How COVID-19 will damage the lives of African children for decades to come
Although the coronavirus doesn’t cause disease and death in children as much as it does in adults, many children around the world are vulnerable to the collateral damage wreaked by the pandemic.
- 16 June 2021
- 3 min read
- by Priya Joi
The shockwaves from the COVID-19 pandemic are likely to be felt for many years to come, especially in populations that were vulnerable or marginalised to begin with. As in many countries worldwide, children across Africa are facing the damaging secondary impacts of the COVID-19 pandemic: rising hunger and malnutrition, an inability to access education, rates of child marriage soaring as families are unable to cope financially, as well as an increase in domestic violence and abuse.
In sub-Saharan Africa, for example, UNICEF issued a report in April this year warning that COVID-19 is “exacerbating not only existing threats to the future that 550 million children under the age of 18 face, but also measures put in place to control and contain the disease”.
The devastating effect of stopping education
Being in school has been shown to be markedly linked to better health and wellbeing later in life, especially for girls. But school closures mean that not only do the children lose the benefits of education, but also being home has led to kids experiencing more violence, including sexual abuse and gender-based violence, and are more likely to be recruited into militias.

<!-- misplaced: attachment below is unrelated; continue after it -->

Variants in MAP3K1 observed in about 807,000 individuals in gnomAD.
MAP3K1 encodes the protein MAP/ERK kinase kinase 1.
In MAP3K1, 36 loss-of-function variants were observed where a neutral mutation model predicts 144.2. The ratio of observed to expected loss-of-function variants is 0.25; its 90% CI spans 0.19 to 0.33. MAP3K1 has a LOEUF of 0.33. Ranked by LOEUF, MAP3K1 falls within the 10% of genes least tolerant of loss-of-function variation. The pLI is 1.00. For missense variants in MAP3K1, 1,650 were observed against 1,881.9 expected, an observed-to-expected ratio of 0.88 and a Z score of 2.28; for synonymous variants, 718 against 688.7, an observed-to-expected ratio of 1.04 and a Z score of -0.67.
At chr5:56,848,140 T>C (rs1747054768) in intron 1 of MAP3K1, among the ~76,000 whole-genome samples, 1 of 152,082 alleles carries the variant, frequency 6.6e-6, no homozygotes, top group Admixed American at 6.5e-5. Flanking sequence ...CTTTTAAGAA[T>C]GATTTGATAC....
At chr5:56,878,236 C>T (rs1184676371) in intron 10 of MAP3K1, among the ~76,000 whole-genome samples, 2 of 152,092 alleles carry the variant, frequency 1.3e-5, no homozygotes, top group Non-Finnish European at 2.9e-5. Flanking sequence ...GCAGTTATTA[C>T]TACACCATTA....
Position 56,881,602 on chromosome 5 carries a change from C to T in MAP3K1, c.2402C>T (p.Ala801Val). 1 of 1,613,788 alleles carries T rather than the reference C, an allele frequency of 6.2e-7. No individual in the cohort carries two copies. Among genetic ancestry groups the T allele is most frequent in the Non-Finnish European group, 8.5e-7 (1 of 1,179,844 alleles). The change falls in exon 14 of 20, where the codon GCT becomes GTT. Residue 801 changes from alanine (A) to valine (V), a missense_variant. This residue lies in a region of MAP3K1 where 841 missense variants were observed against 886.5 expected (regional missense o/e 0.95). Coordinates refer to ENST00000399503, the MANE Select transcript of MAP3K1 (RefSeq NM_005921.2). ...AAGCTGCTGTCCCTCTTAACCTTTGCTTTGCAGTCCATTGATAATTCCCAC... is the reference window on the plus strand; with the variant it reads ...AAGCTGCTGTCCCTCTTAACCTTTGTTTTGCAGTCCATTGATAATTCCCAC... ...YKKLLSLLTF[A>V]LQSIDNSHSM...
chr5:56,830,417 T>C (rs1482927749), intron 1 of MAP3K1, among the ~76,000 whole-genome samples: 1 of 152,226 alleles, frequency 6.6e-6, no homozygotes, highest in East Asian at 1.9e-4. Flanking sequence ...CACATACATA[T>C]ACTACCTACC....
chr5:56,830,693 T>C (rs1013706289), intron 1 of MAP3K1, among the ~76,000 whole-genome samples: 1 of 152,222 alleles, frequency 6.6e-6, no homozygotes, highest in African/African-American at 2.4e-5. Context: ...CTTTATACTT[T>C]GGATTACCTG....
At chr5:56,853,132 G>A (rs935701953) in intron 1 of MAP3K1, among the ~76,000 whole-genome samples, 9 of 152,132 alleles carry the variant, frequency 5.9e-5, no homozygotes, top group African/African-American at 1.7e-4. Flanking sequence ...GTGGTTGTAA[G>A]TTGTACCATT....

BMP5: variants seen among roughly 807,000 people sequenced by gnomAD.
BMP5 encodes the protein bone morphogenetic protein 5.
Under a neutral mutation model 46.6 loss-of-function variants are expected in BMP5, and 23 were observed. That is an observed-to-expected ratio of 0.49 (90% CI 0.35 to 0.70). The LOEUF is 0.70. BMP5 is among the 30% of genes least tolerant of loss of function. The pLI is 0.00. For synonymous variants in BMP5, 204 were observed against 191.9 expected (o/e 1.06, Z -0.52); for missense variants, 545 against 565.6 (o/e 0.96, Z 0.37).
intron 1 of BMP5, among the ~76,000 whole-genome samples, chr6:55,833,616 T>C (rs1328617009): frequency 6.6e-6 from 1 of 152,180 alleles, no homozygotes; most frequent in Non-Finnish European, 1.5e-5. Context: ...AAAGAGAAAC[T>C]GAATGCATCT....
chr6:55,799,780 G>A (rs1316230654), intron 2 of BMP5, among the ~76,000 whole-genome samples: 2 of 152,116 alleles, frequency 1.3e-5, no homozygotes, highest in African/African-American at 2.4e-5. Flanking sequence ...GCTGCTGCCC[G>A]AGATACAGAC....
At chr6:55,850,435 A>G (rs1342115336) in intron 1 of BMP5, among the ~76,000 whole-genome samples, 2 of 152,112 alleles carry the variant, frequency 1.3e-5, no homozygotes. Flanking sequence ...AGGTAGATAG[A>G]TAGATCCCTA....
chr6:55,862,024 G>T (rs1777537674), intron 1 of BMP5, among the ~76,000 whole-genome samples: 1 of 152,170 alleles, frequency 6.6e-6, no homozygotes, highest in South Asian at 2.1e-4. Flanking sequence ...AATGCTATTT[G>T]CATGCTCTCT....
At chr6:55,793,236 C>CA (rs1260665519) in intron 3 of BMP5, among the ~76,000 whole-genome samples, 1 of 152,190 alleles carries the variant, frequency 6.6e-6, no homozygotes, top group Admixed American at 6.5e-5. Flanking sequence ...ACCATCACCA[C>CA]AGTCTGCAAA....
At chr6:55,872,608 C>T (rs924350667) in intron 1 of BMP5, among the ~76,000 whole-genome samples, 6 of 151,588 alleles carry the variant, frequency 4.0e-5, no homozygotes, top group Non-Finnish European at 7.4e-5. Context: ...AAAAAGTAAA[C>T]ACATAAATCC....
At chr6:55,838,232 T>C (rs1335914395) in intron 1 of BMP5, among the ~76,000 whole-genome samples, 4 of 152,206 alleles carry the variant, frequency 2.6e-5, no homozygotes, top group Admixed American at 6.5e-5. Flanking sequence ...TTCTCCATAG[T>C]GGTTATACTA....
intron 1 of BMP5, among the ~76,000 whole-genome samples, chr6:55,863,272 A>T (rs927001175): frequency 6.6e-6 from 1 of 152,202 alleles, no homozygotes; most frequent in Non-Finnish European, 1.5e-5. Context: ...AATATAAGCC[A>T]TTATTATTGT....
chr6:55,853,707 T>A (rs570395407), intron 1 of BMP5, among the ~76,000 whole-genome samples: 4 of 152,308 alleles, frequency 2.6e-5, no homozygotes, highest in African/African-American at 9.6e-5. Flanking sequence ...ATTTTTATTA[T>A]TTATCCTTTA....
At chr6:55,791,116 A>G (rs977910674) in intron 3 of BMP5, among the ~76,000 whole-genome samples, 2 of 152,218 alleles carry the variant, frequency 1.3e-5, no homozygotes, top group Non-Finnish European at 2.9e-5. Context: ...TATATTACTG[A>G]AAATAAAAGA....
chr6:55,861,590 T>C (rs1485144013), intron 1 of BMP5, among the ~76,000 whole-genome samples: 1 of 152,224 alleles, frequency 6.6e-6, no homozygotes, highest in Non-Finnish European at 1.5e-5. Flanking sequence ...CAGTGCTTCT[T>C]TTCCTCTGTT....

The world had seen devastatingly high levels of hunger before COVID19 – even in early 2020 about one billion people in low- and lower middle-income countries went hungry.
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For many children, school offers more than education, giving them shelter, meals, clean water and sanitation. Girls are also more likely to be forced into child marriage the longer they are away from school, a trend that is exacerbated when families lose income and livelihoods.
Hunger and malnutrition on the rise
Millions more will face food insecurity and hunger because of a combination of factors – loss of income and livelihoods, climate change causing drought and floods, and food supply bottlenecks.
A report by the International Federation of Red Cross and Red Crescent Societies (IFRC) in April this year warned that more than 100 million people in Africa are facing “catastrophic levels of food insecurity”.
Disruptions to routine immunisations and COVID-19 vaccine shortages
Lockdowns and mobility restrictions during the pandemic disrupted most health services for children, and among these were critical services such as routine immunisation for measles, yellow fever and polio that saves millions of lives.
Even though these programmes are slowly restarting, a survey in April showed that 60 of these lifesaving campaigns were still halted, putting around 228 million people – mostly children – at risk of deadly diseases. Over half of the 50 affected countries were in Africa.
Countries in Africa are also facing shortages of COVID-19 vaccines. While a third of people in the richest countries have now had their first dose, less than 1% of people in lower-income countries have received any so far. Although African children may not be at great direct risk from COVID-19, if their parents and caregivers are, then the lives of the children are as well.